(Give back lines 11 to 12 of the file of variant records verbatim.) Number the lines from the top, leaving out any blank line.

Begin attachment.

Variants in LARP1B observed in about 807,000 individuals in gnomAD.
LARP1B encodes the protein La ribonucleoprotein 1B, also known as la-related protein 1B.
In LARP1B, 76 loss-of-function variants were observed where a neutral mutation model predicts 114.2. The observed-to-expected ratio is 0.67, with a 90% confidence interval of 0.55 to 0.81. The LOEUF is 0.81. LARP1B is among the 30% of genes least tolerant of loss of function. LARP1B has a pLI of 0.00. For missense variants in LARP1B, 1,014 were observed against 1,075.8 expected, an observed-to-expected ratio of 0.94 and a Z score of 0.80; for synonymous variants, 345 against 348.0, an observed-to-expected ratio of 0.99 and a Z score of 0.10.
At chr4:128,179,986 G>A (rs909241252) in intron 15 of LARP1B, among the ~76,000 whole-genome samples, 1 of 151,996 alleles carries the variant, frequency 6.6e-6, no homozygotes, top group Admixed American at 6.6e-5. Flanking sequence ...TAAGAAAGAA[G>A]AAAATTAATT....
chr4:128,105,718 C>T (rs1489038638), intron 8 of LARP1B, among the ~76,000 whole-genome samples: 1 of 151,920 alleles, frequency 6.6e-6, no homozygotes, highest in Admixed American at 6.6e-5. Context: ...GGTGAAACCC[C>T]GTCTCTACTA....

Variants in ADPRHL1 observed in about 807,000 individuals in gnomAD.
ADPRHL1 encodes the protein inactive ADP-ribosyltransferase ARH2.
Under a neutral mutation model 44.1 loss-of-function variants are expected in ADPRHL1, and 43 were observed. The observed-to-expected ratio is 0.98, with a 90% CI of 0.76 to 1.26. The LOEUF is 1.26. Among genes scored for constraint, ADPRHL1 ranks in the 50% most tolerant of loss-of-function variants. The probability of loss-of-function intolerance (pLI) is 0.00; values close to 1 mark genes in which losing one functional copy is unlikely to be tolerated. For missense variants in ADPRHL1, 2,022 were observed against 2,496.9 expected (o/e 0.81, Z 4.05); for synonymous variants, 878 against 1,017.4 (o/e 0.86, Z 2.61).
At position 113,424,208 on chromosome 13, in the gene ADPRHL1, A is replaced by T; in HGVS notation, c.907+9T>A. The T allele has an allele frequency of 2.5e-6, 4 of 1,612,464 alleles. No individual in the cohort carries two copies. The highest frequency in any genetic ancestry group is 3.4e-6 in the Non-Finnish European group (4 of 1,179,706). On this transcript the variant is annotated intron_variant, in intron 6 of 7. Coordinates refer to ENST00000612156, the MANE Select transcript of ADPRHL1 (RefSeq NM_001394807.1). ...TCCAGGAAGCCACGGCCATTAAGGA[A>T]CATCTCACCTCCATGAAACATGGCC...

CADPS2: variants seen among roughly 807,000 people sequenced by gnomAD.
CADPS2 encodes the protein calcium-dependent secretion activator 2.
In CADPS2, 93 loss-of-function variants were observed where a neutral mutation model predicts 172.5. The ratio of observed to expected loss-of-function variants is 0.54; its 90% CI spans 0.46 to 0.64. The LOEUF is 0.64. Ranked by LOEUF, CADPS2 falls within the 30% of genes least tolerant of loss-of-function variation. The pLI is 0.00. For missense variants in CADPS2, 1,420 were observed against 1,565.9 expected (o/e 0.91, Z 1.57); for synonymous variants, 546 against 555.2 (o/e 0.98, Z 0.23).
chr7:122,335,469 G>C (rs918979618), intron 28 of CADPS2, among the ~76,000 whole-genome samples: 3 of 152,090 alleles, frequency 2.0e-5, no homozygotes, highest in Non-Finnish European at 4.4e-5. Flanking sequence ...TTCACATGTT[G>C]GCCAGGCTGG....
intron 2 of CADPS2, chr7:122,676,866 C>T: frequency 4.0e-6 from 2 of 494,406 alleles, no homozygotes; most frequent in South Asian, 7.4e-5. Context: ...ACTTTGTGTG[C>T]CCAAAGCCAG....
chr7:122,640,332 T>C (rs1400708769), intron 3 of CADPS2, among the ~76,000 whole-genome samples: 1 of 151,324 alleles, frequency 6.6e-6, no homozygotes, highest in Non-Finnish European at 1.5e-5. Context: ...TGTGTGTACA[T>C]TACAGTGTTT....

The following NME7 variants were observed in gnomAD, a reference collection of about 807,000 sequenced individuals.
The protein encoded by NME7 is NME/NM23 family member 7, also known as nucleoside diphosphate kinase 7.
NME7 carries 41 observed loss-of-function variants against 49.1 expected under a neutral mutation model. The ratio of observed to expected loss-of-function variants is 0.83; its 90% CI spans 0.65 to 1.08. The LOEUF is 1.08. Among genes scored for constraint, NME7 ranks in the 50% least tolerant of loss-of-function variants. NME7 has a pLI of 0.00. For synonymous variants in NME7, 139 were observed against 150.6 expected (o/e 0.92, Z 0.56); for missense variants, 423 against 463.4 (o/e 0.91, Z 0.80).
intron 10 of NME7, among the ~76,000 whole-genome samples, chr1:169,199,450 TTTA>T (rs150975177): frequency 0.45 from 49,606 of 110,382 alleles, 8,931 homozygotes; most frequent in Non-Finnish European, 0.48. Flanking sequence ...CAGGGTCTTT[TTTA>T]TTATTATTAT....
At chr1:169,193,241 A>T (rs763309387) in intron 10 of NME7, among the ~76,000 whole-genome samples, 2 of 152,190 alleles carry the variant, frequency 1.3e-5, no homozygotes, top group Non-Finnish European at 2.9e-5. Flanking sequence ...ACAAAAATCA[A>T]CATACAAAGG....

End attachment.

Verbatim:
CADPS2 encodes the protein calcium-dependent secretion activator 2.
In CADPS2, 93 loss-of-function variants were observed where a neutral mutation model predicts 172.5. The ratio of observed to expected loss-of-function variants is 0.54; its 90% CI spans 0.46 to 0.64. The LOEUF is 0.64. Ranked by LOEUF, CADPS2 falls within the 30% of genes least tolerant of loss-of-function variation. The pLI is 0.00. For missense variants in CADPS2, 1,420 were observed against 1,565.9 expected (o/e 0.91, Z 1.57); for synonymous variants, 546 against 555.2 (o/e 0.98, Z 0.23).